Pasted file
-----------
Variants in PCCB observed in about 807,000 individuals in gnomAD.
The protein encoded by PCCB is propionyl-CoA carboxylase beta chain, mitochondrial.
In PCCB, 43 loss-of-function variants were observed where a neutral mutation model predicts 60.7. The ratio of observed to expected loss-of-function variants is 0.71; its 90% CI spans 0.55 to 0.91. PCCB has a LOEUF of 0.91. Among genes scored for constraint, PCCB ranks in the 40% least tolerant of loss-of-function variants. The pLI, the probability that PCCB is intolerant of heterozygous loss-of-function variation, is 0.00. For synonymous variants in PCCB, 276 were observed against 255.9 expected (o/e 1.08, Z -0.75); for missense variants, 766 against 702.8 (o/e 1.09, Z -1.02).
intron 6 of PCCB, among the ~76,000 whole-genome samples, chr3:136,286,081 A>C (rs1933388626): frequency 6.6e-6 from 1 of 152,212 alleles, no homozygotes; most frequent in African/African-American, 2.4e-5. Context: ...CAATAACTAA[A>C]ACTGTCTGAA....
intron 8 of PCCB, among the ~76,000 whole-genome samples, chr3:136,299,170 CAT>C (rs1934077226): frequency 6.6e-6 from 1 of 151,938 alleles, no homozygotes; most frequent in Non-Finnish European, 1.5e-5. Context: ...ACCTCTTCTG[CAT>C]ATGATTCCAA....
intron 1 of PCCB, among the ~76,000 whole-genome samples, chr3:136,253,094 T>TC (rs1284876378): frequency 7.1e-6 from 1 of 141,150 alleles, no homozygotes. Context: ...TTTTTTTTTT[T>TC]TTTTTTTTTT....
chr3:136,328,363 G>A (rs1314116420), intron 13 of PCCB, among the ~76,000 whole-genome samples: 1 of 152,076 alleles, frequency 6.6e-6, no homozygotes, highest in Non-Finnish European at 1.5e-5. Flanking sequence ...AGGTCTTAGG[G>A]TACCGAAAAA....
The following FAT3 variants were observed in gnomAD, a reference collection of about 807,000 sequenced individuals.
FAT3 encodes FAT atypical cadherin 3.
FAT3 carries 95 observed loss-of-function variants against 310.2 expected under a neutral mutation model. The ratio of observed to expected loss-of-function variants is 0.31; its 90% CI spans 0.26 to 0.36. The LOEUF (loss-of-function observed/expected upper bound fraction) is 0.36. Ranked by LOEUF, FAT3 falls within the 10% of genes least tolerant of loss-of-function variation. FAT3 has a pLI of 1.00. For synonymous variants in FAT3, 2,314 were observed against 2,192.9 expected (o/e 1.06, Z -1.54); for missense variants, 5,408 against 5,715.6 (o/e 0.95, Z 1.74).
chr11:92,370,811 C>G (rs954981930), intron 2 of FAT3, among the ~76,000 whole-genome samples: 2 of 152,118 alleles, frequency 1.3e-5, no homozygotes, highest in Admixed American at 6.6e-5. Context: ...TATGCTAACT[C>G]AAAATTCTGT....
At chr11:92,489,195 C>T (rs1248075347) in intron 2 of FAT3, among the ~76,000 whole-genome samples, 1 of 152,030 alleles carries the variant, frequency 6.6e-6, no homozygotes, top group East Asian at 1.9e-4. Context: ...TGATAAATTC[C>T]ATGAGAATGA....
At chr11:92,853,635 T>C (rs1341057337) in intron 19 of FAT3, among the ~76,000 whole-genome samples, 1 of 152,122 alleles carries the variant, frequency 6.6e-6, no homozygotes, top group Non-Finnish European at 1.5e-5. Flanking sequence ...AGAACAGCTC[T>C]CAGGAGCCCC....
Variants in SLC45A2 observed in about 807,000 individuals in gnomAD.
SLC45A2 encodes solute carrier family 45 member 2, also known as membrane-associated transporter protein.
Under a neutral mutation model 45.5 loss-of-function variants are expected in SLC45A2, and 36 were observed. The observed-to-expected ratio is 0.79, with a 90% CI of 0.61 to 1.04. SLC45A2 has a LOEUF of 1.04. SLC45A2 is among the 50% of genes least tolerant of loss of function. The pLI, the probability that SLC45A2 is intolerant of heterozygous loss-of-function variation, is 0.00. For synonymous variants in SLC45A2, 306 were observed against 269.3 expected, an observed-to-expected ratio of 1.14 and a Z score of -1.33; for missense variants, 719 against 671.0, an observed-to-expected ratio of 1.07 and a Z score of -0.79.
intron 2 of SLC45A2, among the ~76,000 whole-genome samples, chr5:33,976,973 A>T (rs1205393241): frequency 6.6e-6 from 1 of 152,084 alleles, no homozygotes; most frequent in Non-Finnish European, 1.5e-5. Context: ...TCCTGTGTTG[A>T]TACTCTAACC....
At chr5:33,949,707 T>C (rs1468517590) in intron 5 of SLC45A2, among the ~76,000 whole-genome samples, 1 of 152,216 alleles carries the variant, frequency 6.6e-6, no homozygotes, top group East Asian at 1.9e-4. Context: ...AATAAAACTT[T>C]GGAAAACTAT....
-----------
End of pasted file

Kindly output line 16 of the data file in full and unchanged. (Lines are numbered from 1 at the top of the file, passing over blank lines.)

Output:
Under a neutral mutation model 45.5 loss-of-function variants are expected in SLC45A2, and 36 were observed. The observed-to-expected ratio is 0.79, with a 90% CI of 0.61 to 1.04. SLC45A2 has a LOEUF of 1.04. SLC45A2 is among the 50% of genes least tolerant of loss of function. The pLI, the probability that SLC45A2 is intolerant of heterozygous loss-of-function variation, is 0.00. For synonymous variants in SLC45A2, 306 were observed against 269.3 expected, an observed-to-expected ratio of 1.14 and a Z score of -1.33; for missense variants, 719 against 671.0, an observed-to-expected ratio of 1.07 and a Z score of -0.79.